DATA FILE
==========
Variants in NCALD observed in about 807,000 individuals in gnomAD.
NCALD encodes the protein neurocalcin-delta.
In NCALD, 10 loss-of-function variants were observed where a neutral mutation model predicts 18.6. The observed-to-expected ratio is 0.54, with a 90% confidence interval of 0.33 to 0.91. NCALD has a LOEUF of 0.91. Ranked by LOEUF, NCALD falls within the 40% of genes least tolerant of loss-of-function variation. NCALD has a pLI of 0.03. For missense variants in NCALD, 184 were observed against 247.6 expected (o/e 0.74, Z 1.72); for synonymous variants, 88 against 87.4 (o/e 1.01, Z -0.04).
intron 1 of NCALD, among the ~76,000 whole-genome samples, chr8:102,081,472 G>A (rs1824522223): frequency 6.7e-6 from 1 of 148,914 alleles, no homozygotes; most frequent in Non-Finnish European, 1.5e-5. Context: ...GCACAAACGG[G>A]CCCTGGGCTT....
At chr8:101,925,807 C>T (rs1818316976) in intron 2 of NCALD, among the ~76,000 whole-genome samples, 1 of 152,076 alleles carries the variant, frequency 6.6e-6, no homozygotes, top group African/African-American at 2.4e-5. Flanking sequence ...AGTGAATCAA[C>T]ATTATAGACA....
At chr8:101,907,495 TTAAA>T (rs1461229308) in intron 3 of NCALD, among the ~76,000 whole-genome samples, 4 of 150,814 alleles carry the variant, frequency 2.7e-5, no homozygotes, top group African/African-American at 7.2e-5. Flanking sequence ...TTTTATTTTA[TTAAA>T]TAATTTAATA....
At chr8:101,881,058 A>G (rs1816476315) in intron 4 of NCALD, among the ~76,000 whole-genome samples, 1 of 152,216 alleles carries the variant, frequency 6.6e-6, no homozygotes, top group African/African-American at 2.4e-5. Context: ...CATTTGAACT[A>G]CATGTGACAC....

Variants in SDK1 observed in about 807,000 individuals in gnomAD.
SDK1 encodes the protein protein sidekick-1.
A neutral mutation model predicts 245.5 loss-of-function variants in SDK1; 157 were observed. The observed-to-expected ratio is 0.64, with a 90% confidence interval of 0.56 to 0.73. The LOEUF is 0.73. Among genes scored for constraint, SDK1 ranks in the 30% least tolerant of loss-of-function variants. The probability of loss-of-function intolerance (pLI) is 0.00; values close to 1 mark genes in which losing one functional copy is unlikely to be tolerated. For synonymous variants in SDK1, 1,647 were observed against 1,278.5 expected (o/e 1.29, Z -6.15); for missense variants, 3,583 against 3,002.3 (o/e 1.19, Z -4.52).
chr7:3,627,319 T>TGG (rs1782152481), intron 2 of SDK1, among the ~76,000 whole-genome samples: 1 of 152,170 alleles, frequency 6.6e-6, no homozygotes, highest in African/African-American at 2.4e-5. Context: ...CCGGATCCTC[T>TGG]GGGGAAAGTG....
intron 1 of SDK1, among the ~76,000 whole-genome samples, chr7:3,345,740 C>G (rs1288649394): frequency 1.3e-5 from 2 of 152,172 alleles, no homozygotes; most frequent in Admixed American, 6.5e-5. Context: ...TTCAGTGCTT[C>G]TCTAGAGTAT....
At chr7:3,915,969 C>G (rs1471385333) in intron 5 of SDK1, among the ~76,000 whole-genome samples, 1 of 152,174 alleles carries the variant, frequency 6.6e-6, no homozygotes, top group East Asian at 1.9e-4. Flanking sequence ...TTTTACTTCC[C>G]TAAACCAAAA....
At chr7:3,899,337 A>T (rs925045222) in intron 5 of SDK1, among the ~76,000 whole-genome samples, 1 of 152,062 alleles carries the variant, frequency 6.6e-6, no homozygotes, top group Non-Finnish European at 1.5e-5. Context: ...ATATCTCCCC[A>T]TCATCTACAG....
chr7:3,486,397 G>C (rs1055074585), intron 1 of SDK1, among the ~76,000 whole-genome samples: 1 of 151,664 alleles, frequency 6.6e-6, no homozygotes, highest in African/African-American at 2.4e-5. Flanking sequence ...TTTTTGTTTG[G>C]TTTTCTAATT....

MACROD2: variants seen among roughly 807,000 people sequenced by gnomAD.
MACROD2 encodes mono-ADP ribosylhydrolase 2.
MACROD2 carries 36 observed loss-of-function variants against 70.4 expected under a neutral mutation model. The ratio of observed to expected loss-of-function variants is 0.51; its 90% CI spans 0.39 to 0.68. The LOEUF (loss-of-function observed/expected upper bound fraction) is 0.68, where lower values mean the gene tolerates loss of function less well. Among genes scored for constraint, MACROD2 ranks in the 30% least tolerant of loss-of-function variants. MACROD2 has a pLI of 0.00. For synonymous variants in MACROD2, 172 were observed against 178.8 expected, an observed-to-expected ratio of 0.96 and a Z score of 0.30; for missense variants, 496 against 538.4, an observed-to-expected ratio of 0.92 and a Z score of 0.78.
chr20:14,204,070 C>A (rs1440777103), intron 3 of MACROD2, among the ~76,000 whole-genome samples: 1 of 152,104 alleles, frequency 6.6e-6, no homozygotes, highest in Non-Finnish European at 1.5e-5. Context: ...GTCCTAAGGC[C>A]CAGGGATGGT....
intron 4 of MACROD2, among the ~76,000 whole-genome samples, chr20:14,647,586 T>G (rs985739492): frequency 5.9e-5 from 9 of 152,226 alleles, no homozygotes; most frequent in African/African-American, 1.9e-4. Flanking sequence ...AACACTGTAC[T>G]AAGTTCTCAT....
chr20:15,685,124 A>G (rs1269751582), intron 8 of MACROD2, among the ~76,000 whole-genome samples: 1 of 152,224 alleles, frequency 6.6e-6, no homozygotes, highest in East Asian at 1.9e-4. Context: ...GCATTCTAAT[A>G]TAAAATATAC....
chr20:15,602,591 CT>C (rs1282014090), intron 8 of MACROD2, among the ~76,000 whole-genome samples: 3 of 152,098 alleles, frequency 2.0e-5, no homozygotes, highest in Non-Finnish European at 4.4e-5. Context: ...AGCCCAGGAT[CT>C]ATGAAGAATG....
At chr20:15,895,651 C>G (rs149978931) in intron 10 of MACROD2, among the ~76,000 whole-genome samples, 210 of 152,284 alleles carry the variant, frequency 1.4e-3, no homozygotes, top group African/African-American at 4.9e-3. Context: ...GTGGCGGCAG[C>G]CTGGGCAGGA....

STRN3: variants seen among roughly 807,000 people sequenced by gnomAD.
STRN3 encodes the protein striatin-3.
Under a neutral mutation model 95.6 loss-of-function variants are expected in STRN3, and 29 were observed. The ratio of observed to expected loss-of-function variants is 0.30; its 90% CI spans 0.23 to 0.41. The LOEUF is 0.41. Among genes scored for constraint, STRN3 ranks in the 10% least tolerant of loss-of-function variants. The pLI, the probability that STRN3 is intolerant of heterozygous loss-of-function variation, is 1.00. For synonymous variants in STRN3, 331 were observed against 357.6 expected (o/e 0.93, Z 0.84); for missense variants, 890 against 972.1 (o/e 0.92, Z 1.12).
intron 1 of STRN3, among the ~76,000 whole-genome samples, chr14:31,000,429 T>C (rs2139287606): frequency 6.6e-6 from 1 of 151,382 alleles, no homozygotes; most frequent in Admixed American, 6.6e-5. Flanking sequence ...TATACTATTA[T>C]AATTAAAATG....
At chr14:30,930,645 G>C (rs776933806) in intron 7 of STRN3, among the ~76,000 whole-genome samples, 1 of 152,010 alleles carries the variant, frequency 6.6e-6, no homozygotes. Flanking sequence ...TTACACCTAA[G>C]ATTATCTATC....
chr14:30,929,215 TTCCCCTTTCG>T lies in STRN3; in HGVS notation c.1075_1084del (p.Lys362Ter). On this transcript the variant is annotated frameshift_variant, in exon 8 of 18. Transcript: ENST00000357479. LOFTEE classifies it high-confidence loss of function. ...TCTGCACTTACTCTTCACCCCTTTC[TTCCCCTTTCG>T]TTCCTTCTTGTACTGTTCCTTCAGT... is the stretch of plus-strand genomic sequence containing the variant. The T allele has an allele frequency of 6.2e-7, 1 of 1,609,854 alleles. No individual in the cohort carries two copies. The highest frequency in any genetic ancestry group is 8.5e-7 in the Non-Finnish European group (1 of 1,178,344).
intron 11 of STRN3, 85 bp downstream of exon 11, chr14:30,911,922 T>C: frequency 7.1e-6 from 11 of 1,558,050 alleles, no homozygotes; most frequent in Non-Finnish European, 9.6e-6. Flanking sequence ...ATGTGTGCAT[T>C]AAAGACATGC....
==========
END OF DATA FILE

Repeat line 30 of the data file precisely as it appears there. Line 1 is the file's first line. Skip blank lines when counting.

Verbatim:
intron 11 of STRN3, 85 bp downstream of exon 11, chr14:30,911,922 T>C: frequency 7.1e-6 from 11 of 1,558,050 alleles, no homozygotes; most frequent in Non-Finnish European, 9.6e-6. Flanking sequence ...ATGTGTGCAT[T>C]AAAGACATGC....